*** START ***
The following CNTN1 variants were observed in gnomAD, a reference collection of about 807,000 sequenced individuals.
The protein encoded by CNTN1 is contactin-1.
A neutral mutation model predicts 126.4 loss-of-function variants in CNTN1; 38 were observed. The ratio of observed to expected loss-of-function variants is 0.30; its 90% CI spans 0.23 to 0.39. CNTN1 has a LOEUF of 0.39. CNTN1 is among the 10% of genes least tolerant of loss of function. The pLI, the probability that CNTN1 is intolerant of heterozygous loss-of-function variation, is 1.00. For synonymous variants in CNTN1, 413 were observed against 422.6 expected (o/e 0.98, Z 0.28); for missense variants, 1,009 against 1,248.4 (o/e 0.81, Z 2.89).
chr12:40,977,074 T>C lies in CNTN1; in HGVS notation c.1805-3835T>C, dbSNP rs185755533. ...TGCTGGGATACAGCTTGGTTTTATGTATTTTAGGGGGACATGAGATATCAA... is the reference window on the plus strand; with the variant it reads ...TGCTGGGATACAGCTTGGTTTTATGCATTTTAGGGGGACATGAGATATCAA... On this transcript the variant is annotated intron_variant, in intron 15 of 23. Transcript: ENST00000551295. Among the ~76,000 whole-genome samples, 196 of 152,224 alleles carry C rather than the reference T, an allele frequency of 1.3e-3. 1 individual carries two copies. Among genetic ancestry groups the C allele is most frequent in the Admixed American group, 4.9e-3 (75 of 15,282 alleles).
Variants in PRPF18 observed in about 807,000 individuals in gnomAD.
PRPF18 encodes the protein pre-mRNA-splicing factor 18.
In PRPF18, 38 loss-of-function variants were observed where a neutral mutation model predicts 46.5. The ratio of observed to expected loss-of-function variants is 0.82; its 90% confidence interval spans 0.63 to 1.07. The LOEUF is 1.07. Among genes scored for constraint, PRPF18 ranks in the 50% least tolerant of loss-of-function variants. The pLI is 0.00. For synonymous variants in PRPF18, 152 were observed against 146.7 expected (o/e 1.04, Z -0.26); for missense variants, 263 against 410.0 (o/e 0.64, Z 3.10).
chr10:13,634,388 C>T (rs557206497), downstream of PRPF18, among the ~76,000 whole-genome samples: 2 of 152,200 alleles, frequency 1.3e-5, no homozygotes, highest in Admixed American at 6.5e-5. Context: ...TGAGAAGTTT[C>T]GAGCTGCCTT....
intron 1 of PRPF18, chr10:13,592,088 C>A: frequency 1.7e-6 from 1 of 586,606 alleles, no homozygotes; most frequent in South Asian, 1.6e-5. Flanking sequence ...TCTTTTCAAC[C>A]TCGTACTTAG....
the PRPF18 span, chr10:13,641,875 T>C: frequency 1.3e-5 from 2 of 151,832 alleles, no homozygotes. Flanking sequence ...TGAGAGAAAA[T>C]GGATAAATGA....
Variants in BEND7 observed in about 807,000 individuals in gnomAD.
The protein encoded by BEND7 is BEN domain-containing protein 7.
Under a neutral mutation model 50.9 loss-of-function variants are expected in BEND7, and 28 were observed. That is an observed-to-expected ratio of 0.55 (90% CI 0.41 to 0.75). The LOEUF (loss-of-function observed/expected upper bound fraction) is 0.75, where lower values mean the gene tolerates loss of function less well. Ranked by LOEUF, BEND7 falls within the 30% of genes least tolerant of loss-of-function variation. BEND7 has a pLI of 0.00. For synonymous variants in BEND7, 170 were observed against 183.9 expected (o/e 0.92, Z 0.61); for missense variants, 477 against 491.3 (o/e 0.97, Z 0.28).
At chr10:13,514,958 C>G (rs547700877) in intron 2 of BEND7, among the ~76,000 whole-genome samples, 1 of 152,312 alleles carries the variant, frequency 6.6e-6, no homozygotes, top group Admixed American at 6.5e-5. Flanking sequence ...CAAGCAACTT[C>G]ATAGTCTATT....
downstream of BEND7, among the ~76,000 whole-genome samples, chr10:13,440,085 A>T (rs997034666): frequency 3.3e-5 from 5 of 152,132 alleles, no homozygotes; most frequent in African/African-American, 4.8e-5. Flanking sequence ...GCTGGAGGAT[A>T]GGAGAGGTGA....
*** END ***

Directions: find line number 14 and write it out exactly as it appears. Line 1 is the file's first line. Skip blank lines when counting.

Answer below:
At chr10:13,514,958 C>G (rs547700877) in intron 2 of BEND7, among the ~76,000 whole-genome samples, 1 of 152,312 alleles carries the variant, frequency 6.6e-6, no homozygotes, top group Admixed American at 6.5e-5. Flanking sequence ...CAAGCAACTT[C>G]ATAGTCTATT....